Audio Slideshows…Still Useful?

Audio Slideshows…Still Useful?

The BBC is still into audio slideshows...
The BBC is still into audio slideshows…

It was this little moment in media where everyone thought the future of media was the audio slideshow. I was hired by The New York Times to make audio slideshows and to teach other people how to do that. I would make over 50 audio slideshows a year, I trained like 200 people on audio recording. I really spent the first 12 months of my existence doing that.

Then, of course, it became clear to me that the future of journalism was not, in fact, audio slideshows.

— Amy O’Leary, now at Upworthy following a significant tenure at the New York Times, interviewed at Nieman Lab

I’ve been haunted by this quote all semester as I’ve prepped my new Multimedia Storytelling class. One of the assignments is — you guessed it — an audio slideshow.

This course is an introduction to various modes of digital media storytelling, including social media, photos, audio, video, and data, plus a tiny bit of coding. It’s a lot to cover in one semester, though our focus on story, as opposed to technical detail in each medium, makes it somewhat more doable. To avoid requiring an assignment every week, I came up with ways to combine the code and social media topics into one assignment, and a way to combine audio and photography (yep, the audio slideshow).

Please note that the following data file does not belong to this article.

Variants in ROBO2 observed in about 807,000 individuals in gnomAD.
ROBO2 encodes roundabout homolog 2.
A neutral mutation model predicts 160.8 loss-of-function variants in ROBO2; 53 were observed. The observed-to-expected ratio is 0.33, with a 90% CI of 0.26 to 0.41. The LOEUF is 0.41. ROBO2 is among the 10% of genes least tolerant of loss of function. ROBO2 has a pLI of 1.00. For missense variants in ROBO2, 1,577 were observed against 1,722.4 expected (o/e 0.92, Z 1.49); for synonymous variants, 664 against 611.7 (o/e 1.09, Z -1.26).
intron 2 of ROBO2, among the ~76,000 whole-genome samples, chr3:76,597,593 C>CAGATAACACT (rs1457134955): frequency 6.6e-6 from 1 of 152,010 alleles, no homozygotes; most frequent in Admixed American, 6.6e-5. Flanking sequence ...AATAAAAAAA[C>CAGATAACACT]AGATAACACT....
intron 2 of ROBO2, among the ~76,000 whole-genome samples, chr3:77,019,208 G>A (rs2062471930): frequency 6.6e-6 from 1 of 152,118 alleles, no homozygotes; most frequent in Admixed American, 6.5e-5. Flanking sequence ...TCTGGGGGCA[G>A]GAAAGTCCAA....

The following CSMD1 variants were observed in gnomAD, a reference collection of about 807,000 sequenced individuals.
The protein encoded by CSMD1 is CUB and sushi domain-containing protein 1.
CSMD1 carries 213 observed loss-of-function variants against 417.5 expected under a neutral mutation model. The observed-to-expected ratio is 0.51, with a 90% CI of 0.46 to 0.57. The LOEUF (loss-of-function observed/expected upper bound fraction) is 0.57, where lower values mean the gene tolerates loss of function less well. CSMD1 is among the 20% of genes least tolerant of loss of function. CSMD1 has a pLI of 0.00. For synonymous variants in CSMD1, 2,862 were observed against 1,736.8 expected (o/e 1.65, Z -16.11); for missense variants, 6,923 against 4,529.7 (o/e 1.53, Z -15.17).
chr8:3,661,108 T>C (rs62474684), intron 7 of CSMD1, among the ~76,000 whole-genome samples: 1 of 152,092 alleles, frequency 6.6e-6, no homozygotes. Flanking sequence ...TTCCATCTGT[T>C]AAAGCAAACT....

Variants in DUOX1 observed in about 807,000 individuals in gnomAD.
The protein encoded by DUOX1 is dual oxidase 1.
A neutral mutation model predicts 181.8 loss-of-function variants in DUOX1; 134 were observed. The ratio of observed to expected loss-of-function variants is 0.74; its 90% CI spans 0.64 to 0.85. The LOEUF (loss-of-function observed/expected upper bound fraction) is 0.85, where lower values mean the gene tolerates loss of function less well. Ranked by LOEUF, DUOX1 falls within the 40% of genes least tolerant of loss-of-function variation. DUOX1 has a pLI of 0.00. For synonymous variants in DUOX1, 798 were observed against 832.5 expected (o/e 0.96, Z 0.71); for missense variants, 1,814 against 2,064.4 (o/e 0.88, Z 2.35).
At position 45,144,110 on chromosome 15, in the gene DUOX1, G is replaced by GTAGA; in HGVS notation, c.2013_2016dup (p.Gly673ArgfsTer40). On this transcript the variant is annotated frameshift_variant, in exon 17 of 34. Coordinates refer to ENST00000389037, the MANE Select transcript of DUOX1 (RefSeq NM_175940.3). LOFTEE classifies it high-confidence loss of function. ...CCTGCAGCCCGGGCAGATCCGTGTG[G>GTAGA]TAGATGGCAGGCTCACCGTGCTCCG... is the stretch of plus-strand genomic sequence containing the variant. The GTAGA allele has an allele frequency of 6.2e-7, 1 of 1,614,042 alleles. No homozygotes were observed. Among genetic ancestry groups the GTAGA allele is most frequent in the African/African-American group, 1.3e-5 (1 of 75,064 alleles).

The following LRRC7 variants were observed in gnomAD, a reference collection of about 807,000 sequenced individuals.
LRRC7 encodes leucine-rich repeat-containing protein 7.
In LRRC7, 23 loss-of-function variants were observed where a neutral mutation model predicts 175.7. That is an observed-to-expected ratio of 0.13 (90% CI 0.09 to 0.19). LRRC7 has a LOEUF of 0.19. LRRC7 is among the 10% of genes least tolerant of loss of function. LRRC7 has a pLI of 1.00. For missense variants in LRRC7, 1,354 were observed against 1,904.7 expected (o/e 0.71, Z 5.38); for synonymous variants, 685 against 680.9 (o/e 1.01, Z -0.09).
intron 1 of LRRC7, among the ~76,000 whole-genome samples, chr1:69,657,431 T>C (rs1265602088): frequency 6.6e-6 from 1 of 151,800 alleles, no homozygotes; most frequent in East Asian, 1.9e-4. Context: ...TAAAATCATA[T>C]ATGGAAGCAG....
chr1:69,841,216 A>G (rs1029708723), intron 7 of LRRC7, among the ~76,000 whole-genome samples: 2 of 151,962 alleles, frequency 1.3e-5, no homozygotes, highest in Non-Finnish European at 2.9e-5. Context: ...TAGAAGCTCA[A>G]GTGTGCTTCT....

I know audio slideshows certainly aren’t all the rage now. But I think it’s still a useful starter task that helps students think about how well-chosen, varied, thoughtfully arranged photos can tell a story, and the addition of good interview and natural sound enhances the viewer’s experience. This assignment will also be a good preview of concepts they need for video storytelling, which comes up next in our course.

A significant challenge has been identifying the best software for students to use to create their slideshows. Soundslides used to be the standard, I think, but Flash is an issue now. I also want the students to be able to export their finished projects as videos for YouTube or Vimeo, which will make it possible for them to use the videos on their personal websites or portfolios (e.g., on, which many of them use).

We’ve settled for now on iMovie (pre-installed on students’ Macs and on our lab computers) or Picasa (free for PC or Mac). iMovie is probably going to be easier to use, as Picasa requires a ready-made MP3 for the audio that cannot be edited once it’s imported into the slideshow, and photos are all displayed for an equal amount of time (basically audio length / number of photos = the duration for each photo). iMovie allows a little more flexibility.

Our class doesn’t incorporate step-by-step software instruction, given our priority on understanding story over software. So, students will mostly figure the software out on their own. Luckily, both iMovie and Picasa are pretty easy to use. I’ve made screencasts for the entire slideshow process in Picasa (I love you, Screencast-O-Matic), but with so many different versions of iMovie potentially in use (including two on our own lab computers, for some reason), I have just provided them with links to decent tutorials and screencasts for iMovie 9, 10, and 11.

Even though slideshows probably aren’t the future of journalism, I think there’s still going to be value in this assignment for our students. I’ll let you know how it goes!

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